Cold Weather Performance of Batteries

Over the years, we have accumulated some experience with various chemistries in cold weather use. The quick answer to cold weather use is Lithium's are better at handling the cold than Alkaline, Rechargeables, etc.

With Alkaline, as the tempurature drops below freezing, the light will be dimmer or not be able to fire with a weak cell. Since all of our lights are designed for personal use, they typically are carried in a warm pocket. This will help with cold weather use. If the light is not carried in your pocket and it won't start because the battery is too cold, remove the cell and warm it up in your hands. Once the cell is warm enough to start the voltage converter, it can be exposed to colder temperatures. This because the converter can operate at a lower voltage once it initially starts and also the light and battery produce a small amount of heat in operation. The Arc voltage converters have a lower startup voltage requirement than most of our competitors. So for given battery and temperature, the Arc is more likely to make it work.

Lithium's can operate at 30-40 below zero degrees Fahrenheit. Startup and rundown performance is also excellent.

Run Times

We conservatively estimate the run time with a good cell at around 5 hours. Although, your results may vary and many users report run times of over 6 hours. Every Arc model will continue to produce light after their rated run time but at less than 50% brightness. The Arc-AAA for example will still be producing a diminished output after 12 hours of use. With typical usage each cell will last several months.

Sun/Moon Mode

The Arc-AAA includes an electronic regulator circuit that helps maintain a more consistent output during the life of a battery. Compare this to conventional flashlights that more noticeably dim as the battery is depleted. The regulator in the Arc-AAA is a very compact design optimized for "partial" regulation. Please see further down in this FAQ for a more detailed description of regulation.

Basically, "Sun" mode is the bright operation of the flashlight and "moon" mode is the dim light produced by the light when the battery is nearly dead. When stating run time for our lights, we list the "sun" mode length for a given battery type. The Arc-AAA is capable of producing about 5 hours of sun mode.

With only 40% of the remaining capacity left in the AAA battery, the Arc-AAA will still be producing about 80% of its original brightness.

The transition from sun to moon is fairly smooth on the Arc-AAA with most battery chemistries and you may not notice it very easily. With alkaline cells, it is not an abrupt change. Here's a graph showing a worse case runtime from a fresh Duracell:

Links to Reviews

List of all Reviews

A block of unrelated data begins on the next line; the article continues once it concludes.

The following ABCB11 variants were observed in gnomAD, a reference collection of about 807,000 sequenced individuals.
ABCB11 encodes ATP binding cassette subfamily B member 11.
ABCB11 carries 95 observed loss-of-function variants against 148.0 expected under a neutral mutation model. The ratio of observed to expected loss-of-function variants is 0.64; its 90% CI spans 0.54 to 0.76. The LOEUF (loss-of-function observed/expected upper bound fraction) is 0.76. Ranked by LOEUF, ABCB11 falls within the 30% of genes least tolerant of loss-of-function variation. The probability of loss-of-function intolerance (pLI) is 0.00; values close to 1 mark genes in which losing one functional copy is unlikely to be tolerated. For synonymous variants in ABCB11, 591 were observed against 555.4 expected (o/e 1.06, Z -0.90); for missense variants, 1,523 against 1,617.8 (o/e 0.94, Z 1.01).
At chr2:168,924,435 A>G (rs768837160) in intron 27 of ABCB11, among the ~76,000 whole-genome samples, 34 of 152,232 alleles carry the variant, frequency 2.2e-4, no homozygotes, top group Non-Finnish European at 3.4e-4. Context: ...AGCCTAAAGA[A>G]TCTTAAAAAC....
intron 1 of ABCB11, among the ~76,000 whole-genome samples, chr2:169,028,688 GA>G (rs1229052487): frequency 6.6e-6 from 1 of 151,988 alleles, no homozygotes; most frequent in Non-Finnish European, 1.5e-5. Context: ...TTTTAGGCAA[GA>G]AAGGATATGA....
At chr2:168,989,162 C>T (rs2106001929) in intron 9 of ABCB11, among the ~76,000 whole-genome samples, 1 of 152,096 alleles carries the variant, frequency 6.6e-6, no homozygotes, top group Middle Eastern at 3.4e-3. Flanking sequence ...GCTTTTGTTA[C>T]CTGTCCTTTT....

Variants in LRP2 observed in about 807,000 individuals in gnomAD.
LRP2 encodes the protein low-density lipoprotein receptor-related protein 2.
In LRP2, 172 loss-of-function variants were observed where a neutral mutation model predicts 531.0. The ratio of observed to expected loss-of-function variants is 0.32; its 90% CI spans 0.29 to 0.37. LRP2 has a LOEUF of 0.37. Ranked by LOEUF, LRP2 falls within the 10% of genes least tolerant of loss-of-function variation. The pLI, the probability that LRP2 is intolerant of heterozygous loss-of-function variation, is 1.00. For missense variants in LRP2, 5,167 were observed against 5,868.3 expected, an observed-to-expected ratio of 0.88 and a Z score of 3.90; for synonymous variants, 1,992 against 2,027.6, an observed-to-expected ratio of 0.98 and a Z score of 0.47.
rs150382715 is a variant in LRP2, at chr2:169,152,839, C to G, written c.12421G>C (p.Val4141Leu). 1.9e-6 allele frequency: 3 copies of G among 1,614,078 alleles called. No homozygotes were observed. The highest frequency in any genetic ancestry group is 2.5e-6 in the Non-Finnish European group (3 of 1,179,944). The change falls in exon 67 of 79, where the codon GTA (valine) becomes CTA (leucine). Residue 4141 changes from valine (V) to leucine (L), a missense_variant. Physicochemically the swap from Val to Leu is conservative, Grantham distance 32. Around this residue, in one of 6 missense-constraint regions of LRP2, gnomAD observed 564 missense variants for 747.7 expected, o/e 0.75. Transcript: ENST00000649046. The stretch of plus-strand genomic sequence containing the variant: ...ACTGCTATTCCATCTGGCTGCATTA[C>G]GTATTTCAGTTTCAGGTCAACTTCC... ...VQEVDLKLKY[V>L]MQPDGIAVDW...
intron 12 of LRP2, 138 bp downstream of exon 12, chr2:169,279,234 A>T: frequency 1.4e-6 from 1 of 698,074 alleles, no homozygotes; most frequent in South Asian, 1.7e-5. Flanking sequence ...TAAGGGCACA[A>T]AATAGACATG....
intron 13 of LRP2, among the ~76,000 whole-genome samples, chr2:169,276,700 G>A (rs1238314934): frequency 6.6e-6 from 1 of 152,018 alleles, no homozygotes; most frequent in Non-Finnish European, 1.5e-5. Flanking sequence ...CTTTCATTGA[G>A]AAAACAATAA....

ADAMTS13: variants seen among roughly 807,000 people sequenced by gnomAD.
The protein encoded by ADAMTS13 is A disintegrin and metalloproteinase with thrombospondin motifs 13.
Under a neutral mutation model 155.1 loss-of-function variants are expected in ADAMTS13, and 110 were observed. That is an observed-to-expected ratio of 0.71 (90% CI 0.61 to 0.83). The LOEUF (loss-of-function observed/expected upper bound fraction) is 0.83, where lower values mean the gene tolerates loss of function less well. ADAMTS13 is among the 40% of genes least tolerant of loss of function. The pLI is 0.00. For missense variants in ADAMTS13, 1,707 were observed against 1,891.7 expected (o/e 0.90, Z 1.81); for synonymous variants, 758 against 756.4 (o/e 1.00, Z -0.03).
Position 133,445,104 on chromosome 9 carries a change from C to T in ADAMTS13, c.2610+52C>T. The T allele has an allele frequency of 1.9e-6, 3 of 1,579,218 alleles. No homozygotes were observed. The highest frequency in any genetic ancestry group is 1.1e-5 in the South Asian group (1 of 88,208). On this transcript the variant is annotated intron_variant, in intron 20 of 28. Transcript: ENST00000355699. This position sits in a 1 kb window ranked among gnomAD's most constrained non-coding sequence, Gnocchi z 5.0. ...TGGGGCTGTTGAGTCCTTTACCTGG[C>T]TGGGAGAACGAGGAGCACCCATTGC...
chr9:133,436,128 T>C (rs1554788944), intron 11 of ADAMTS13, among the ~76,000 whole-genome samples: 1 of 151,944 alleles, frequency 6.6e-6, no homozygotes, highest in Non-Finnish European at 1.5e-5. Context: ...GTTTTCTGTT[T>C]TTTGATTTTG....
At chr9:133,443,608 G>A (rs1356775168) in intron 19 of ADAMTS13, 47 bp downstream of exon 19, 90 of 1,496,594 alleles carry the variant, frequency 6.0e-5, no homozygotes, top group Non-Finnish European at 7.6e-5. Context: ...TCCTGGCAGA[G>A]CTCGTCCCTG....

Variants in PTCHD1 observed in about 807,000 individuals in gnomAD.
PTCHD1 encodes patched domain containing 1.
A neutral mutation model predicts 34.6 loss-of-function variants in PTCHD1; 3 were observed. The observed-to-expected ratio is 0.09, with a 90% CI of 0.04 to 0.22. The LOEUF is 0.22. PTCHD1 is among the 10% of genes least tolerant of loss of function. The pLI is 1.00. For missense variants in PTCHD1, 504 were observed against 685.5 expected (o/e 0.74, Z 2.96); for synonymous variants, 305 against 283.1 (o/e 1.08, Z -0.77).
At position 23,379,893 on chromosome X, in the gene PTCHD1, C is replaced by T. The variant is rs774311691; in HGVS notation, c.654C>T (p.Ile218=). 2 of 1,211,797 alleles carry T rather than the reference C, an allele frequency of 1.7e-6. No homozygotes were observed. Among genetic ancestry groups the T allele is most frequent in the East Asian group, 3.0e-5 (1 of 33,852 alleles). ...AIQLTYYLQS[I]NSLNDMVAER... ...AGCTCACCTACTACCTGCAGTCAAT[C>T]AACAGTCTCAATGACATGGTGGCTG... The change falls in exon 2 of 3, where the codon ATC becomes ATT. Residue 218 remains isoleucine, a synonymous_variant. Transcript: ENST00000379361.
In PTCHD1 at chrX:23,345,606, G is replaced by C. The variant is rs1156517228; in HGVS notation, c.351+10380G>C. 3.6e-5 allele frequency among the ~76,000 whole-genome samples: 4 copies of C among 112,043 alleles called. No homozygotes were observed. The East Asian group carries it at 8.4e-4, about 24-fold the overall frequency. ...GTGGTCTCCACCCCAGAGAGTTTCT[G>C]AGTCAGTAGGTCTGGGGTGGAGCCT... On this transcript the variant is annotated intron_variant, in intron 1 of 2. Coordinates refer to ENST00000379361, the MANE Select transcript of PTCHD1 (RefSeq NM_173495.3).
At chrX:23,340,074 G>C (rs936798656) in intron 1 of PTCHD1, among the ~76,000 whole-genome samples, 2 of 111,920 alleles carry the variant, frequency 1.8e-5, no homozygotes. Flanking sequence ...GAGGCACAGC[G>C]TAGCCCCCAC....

Competitors

Here's a video showing the difference in efficiency between the Arc-AAA and the Mag Solitaire.

Arc efficiency demonstration (".wmv" 818kb)

Notice the battery is the same in both cases. There are many differences between these two lights. The reason the Arc is brighter is that is uses a LED and other "new" technologies.

Accessories

The Arc-AAA is now shipping with a pocket clip and a split ring.

Maintenance

  1. Regularly clean the threads of dirt and aluminum oxide (the black gunk)
  2. Check battery for leakage
  3. Apply grease to threads and o-ring for good water seal and smooth operation. Almost any kind of grease may be used (Petroleum or non-petroleum is fine)
  4. Clean battery contacts with a pencil eraser if they get fouled to improve light output.
I opened my Arc-AAA and found the foam retainer loose inside, etc

The foam battery retainer is designed to reduce battery rattle when the light is properly shut off. It also reduces flickering when the light is partially turned on and acts as a form of polarity protection. The retainer is held in place by pressure sensitive adhesive. It is designed to be replaceable if the retainer becomes torn, dirty, etc.

We provide free replacements of the foam retainer and the O-ring. Simply ask for some to be included with your next order. We can also send them to you if you send us a S.A.S.E. (self addressed, stamped envelope) to our address below.

When you get the replacement retainer, clean the bottom of the Arc-AAA head and make sure it is dry and free of oil or grease. Remove the adhesive backing from the retainer and press it in place.

Thickness of Lanyard Lug wall

From time to time, we have people ask us if the lanyard hole on the back of the flashlight has too thin of an outer wall. They are worried that it will break or wear through in time. The hole is designed to be that distance from the rear surface and with that thin of a lip for two reasons. One is to provide enough internal room for the rivet and the other is to reduce scratches when installing the split ring. It also reduces the chance the split ring will be bent out of shape during installation.

Lug failure is highly unlikely but possible of course, but we feel that this part is reasonably designed.

Update: An engineering friend did a finite element analysis simulation on the lug and it indicated a max pressure from a split ring type load of 38.5lbs with no failure. Of course, a typical split ring will unravel before that type of load was reached but some people may find this information useful.

Why isn't there a glass or plastic lens over the front of the Arc-AAA?